Q. How did you get so passionate about the outdoors?

A lot of it started because I have a disease called Cystic Fibrosis. Growing up, the way I fought the disease was through exercise and I really found a love for the outdoors, originally it was a lot of wind surfing and kite boarding, I spent a lot of time at Old Man damn, just outside [of the Pass] and then when I bought a house here, it warped into mountain biking, and I’ve been sledding for a long time. But that active lifestyle would clean my lungs out and keep me alive. CF is a disease that can really attack a young person basically in their teens and 20’s, you have to fight hard to keep your lungs clean every day. I want people to not waste their life and not waste a day and that’s why I always am outside.

Photo credit: CF_adventurerlife

Q. How did you get into sledding?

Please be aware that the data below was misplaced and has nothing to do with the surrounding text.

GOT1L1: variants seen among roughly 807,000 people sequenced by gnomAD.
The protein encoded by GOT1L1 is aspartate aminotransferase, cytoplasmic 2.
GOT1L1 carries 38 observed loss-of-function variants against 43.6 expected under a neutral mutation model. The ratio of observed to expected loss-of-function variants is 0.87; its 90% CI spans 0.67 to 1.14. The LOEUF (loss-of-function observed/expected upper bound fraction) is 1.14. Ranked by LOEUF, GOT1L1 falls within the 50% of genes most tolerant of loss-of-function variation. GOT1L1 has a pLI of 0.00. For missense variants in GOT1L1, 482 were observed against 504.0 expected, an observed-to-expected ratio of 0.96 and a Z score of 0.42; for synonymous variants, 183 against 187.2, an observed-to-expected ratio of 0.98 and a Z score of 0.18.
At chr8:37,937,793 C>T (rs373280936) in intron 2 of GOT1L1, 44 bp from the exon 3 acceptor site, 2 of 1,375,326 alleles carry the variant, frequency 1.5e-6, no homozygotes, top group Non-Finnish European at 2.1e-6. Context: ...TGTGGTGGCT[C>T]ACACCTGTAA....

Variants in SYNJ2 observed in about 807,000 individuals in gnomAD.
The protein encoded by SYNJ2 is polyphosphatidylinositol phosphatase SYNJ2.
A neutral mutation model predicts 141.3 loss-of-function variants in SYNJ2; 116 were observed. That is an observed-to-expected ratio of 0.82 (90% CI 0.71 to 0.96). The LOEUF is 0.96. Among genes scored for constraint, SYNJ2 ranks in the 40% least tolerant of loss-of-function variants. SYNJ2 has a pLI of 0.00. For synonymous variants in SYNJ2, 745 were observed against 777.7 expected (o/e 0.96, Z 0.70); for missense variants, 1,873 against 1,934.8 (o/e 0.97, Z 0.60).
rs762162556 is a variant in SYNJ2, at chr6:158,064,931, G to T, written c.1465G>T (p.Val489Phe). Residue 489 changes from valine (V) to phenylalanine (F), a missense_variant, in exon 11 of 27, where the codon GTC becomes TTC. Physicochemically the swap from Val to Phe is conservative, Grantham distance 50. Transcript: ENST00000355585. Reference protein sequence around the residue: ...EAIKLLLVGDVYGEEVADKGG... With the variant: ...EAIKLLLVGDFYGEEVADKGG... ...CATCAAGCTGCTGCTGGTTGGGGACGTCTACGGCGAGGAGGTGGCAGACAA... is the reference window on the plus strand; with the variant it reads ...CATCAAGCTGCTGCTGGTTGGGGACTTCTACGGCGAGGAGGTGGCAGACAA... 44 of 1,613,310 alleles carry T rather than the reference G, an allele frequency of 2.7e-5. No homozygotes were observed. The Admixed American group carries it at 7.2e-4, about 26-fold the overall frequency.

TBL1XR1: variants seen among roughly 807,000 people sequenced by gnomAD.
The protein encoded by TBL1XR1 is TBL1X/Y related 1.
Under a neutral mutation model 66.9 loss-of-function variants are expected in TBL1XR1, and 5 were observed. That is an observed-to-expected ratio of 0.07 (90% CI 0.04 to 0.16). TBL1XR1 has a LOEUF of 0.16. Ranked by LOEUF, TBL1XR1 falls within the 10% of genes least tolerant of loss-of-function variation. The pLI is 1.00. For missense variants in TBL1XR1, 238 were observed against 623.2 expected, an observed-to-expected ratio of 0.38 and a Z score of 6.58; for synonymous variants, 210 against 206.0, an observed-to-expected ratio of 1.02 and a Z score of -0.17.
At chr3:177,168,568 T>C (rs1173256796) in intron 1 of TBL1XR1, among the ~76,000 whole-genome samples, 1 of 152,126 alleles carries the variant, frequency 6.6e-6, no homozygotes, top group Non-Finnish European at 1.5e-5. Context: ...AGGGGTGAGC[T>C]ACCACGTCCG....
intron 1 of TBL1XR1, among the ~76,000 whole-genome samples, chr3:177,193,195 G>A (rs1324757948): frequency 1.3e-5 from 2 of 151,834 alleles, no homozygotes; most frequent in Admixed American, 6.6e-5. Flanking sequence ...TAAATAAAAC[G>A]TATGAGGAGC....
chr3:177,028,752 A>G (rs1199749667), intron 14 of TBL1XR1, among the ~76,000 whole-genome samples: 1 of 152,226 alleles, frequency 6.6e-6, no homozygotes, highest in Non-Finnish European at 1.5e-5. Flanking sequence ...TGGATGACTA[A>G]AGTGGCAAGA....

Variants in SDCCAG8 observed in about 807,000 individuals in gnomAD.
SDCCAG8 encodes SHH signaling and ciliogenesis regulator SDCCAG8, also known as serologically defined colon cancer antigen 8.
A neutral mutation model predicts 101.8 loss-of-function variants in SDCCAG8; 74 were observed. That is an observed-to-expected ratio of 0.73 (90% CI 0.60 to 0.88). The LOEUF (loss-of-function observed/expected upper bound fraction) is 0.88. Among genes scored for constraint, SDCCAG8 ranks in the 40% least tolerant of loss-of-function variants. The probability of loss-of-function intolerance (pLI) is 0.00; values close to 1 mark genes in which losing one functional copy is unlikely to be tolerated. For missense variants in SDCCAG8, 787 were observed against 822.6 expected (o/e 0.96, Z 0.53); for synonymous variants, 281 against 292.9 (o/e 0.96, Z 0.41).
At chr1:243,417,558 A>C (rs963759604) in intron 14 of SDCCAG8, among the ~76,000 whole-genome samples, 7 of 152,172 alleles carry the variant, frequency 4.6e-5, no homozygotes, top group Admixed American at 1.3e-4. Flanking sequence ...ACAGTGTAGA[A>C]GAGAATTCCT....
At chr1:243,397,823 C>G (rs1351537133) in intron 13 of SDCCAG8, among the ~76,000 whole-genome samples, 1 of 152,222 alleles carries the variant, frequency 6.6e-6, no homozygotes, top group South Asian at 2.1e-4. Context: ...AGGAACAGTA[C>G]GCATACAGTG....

I was an avid sledder in the farming community in Taber, because in the winter they have a lot of time. So, for years, we would do day trips to Fernie. We fell in love with the area, and it wasn’t until I sold my business (Monarch) that I could afford a second home here. I always wanted to move here but we weren’t sure about the family life coming from Taber, so we tried it out for a bit and we just loved it so much. My health is so much better here, not only because of the exercise but also the air quality.

Q. What is the most common misconception about sledding?

People think you just putt around a trail and burn gas - it’s so much more than that. It’s a culture, it’s a community, its families getting out and enjoying themselves, and the places that sledding can take you. It’s much more than ATV’ing or mountain biking and it shows you the mountains through such a different perspective. There are a lot of sledders in The Pass who do it to get access to back country skiing or sled skiing, even for remote access to snow shoeing. It’s so peaceful out there in the winter. It’s also a very active sport, if you haven’t been out sledding for a while and go out for one day, you will be sore!